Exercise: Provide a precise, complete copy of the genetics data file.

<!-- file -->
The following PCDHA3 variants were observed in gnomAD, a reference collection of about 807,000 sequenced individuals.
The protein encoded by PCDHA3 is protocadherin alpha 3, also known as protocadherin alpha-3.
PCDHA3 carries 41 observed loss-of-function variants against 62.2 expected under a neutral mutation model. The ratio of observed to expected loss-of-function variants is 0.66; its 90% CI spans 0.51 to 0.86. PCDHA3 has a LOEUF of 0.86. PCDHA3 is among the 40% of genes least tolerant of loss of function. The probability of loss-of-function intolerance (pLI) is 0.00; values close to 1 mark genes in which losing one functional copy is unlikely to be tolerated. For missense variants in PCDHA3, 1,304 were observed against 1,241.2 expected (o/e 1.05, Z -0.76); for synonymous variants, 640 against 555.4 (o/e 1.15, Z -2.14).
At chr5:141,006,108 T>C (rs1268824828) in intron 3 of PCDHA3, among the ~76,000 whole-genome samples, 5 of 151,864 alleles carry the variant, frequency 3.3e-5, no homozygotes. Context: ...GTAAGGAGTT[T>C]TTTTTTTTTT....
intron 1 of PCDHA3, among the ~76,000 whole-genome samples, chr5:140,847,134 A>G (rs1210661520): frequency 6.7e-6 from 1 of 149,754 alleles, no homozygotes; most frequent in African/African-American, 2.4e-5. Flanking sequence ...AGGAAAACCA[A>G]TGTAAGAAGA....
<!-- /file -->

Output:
The following PCDHA3 variants were observed in gnomAD, a reference collection of about 807,000 sequenced individuals.
The protein encoded by PCDHA3 is protocadherin alpha 3, also known as protocadherin alpha-3.
PCDHA3 carries 41 observed loss-of-function variants against 62.2 expected under a neutral mutation model. The ratio of observed to expected loss-of-function variants is 0.66; its 90% CI spans 0.51 to 0.86. PCDHA3 has a LOEUF of 0.86. PCDHA3 is among the 40% of genes least tolerant of loss of function. The probability of loss-of-function intolerance (pLI) is 0.00; values close to 1 mark genes in which losing one functional copy is unlikely to be tolerated. For missense variants in PCDHA3, 1,304 were observed against 1,241.2 expected (o/e 1.05, Z -0.76); for synonymous variants, 640 against 555.4 (o/e 1.15, Z -2.14).
At chr5:141,006,108 T>C (rs1268824828) in intron 3 of PCDHA3, among the ~76,000 whole-genome samples, 5 of 151,864 alleles carry the variant, frequency 3.3e-5, no homozygotes. Context: ...GTAAGGAGTT[T>C]TTTTTTTTTT....
intron 1 of PCDHA3, among the ~76,000 whole-genome samples, chr5:140,847,134 A>G (rs1210661520): frequency 6.7e-6 from 1 of 149,754 alleles, no homozygotes; most frequent in African/African-American, 2.4e-5. Flanking sequence ...AGGAAAACCA[A>G]TGTAAGAAGA....